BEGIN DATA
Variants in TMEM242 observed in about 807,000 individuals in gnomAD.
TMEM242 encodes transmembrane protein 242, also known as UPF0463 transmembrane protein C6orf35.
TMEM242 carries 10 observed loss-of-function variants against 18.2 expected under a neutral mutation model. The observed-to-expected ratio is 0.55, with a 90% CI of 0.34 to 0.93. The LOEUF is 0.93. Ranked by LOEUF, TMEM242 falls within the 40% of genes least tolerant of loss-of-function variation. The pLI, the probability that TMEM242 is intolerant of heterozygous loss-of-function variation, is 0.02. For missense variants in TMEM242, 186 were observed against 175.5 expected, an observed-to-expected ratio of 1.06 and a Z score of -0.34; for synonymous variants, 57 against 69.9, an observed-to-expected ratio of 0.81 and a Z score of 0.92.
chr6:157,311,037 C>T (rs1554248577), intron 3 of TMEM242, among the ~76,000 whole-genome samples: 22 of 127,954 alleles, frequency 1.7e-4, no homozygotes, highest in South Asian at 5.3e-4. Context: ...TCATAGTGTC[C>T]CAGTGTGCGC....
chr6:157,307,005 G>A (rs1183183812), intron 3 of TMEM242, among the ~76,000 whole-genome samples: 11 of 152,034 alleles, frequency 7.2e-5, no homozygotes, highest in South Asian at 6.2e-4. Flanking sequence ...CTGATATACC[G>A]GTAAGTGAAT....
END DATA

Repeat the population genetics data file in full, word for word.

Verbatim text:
Variants in TMEM242 observed in about 807,000 individuals in gnomAD.
TMEM242 encodes transmembrane protein 242, also known as UPF0463 transmembrane protein C6orf35.
TMEM242 carries 10 observed loss-of-function variants against 18.2 expected under a neutral mutation model. The observed-to-expected ratio is 0.55, with a 90% CI of 0.34 to 0.93. The LOEUF is 0.93. Ranked by LOEUF, TMEM242 falls within the 40% of genes least tolerant of loss-of-function variation. The pLI, the probability that TMEM242 is intolerant of heterozygous loss-of-function variation, is 0.02. For missense variants in TMEM242, 186 were observed against 175.5 expected, an observed-to-expected ratio of 1.06 and a Z score of -0.34; for synonymous variants, 57 against 69.9, an observed-to-expected ratio of 0.81 and a Z score of 0.92.
chr6:157,311,037 C>T (rs1554248577), intron 3 of TMEM242, among the ~76,000 whole-genome samples: 22 of 127,954 alleles, frequency 1.7e-4, no homozygotes, highest in South Asian at 5.3e-4. Context: ...TCATAGTGTC[C>T]CAGTGTGCGC....
chr6:157,307,005 G>A (rs1183183812), intron 3 of TMEM242, among the ~76,000 whole-genome samples: 11 of 152,034 alleles, frequency 7.2e-5, no homozygotes, highest in South Asian at 6.2e-4. Flanking sequence ...CTGATATACC[G>A]GTAAGTGAAT....